Saturday, November 30, 2013

Bike Tools

Using tools is fun. Any guy know that. But what many guys don't know is that the enjoyment of using that tool is increased if you built or modified that tool for your specific purpose. For my job I work with some guys that have some major skills. They are actually called "the toolmakers". I get to design for them and collaborate with them on some pretty neat stuff. Of course, I don't get to use any of those tools. Sure, I use them when we're developing them in tightly controlled test situations, but I don't actually use them to accomplish anything.

I have to do that in my garage.

Of course, the tools I make or modify in my garage are nowhere near the awesomeness of the tools they make at work, but that's to be expected. Sometimes at work we end up with tools that look shoddy, though. Due to time constraints, mistakes, or inexperience, sometimes the tool looks awful. I've jokingly said at those times that it looks like something an engineer would make in his garage.

Well, here's some more stuff that an engineer made in his garage.

These are two tools I've needed for doing some work on my mountain bike. They are, of course, commercially available, but they are also expensive. Being cost conscious, and willing to try many things at least once, I decided these were good candidates for home construction. They are a 1.5" crown race setting tool and a nipple driver. The crown race is part of the headset of the bike which is the bearing that lets you turn the handlebars. The setting tool is used when you change the headset or the fork. Nipples are those little nubs that connect the spokes of the wheel to the rim. This is used when you want to make bicycle wheels, something I've been considering attempting for some time.

Crown Race Setting Tool (~$65):

Nipple Driver ($30):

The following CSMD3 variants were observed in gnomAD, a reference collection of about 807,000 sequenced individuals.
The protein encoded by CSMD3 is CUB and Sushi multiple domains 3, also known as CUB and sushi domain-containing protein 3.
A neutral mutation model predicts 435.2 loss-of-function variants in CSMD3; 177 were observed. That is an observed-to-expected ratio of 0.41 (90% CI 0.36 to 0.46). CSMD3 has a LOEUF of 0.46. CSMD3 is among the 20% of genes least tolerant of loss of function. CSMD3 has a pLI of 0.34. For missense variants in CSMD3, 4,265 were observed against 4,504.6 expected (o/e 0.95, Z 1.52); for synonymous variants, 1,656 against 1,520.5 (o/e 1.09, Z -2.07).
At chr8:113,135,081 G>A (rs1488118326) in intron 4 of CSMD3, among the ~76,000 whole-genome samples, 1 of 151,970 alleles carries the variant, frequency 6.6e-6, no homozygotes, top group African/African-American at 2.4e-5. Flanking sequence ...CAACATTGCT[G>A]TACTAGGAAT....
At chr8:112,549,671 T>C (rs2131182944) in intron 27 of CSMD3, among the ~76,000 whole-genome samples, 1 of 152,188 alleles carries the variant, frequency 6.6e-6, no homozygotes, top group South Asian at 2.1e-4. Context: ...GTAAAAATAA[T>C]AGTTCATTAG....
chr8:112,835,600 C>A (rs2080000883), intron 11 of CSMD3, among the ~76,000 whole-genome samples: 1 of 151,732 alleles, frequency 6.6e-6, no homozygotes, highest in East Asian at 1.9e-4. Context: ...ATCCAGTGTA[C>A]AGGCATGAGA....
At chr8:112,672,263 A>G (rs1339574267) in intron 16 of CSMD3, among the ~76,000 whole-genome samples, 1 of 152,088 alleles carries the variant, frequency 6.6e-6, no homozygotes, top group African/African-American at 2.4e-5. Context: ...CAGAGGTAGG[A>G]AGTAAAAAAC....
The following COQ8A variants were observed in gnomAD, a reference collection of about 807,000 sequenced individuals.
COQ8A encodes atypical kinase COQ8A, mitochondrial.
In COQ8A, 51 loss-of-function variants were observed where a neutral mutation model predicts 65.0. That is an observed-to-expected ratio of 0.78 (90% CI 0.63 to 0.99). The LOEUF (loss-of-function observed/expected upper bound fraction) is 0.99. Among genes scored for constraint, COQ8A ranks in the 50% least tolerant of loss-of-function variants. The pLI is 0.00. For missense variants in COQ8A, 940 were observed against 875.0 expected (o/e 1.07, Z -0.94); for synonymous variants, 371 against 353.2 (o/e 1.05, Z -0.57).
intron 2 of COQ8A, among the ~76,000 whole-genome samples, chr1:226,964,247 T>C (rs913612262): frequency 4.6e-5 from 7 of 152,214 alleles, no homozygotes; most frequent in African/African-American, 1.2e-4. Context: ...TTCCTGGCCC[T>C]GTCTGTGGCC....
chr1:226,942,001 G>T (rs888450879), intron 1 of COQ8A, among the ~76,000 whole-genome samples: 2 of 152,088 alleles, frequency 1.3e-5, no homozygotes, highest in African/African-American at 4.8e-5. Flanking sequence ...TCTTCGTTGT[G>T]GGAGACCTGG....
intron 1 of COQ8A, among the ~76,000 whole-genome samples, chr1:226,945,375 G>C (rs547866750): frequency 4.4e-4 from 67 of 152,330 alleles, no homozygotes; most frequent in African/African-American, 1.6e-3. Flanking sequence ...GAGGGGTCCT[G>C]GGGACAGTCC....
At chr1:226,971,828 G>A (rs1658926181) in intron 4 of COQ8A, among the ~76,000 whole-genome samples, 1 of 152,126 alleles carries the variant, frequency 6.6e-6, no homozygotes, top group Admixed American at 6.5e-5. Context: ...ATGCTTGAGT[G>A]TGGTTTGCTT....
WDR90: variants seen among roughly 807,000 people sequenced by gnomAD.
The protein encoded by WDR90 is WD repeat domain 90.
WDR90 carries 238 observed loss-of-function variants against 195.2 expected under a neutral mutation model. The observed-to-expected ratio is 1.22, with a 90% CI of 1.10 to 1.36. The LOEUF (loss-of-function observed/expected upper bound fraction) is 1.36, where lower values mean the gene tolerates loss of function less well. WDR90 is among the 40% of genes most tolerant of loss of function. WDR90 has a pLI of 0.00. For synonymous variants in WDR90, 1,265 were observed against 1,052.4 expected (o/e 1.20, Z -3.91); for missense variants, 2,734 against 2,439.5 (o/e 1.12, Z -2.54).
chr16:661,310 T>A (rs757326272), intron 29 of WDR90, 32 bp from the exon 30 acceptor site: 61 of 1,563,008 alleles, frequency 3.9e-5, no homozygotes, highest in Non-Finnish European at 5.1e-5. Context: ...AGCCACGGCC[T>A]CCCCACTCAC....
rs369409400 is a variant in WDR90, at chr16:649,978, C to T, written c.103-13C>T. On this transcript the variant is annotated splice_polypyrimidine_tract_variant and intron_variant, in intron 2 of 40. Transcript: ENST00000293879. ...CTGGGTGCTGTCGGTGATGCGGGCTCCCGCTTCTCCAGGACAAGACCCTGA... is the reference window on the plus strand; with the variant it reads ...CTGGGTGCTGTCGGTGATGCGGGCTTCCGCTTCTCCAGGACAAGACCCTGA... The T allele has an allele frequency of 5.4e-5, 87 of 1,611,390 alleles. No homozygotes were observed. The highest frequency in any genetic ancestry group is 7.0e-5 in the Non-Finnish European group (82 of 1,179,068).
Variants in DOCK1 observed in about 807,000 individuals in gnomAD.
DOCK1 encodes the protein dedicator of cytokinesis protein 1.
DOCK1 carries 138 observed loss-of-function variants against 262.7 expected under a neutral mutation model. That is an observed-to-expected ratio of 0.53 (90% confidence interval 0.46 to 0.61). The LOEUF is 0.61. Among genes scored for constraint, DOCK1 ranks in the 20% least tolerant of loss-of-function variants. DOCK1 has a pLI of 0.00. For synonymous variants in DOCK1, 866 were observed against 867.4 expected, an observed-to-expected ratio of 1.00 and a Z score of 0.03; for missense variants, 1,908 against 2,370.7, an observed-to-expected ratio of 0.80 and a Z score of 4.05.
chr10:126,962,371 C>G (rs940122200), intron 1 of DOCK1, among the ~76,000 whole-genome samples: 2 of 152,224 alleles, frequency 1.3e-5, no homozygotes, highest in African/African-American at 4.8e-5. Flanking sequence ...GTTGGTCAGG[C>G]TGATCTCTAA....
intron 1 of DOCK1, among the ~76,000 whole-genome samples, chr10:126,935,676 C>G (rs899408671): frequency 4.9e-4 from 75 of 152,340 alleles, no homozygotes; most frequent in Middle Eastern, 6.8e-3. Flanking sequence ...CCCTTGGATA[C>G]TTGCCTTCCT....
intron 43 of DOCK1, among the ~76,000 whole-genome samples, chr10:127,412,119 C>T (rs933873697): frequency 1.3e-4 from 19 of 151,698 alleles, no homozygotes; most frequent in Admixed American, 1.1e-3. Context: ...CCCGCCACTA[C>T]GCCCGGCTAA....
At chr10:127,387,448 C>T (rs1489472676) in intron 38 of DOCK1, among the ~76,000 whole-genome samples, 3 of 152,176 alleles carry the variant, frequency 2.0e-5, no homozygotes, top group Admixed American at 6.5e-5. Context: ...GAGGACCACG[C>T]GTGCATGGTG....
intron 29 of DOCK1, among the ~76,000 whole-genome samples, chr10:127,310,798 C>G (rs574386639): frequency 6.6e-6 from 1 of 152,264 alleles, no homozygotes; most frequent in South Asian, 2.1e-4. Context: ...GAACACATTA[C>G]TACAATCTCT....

So that's $95 for tools. At that rate, I'm not saving much by doing myself rather than having the shop do it. But who am I kidding, I would still probably do it myself. 

For the crown race setting tool I started with a 1.5" piece of schedule 40 PVC pipe. The inside and outside diameters were good, I just needed to shape the end a little so it wouldn't damage the crown race as it was setting it. I set up a jig that would allow me to turn the pipe while holding the Dremel still. Unfortunately, I did not immortalize that with a picture for you all. But this is how it turned out.

You can see how the end was only slightly shaped. It would have turned out better if I had a lathe, which I would have if the government hadn't been so stupid this fall. Whatever. The bottom line is I have my crown race setting tool. Material: 1.5 feet of PVC pipe from Ace Hardware. Cost: ~$3. Savings: ~$62. 

The next one is a little trickier. As you can see the nipple driver can in no way be approximated by a length of pipe. Not to worry, our friends at Klein Tools make a nice little Rapi-Driv (tm) screw driver that looks like this:

Well that's 90% of the work. This little number is had for only $10 on Amazon. Again, I turned to my trusty Dremel. All that was left was to shape the end of the screwdriver to look like the nipple driver, thusly:

I'm sure my brothers and dad would consider this a brutal defilement of a perfectly pristine Klein tool. They would be right, but I think it's worth it. The great thing about Klein tools is you know they are likely to outlive you, so you don't worry about spending a little extra. My dad still uses many of his Klein tools that he bought before I came along. So there you go. Now I have my nipple driver. Material: Klein screwdriver. Cost: ~$10. Savings: ~$20.

So that's $13 payout for $95 worth of tools with an extra helping of satisfaction on the side. But like I said, it looks like something an engineer made in his garage. Because it is.


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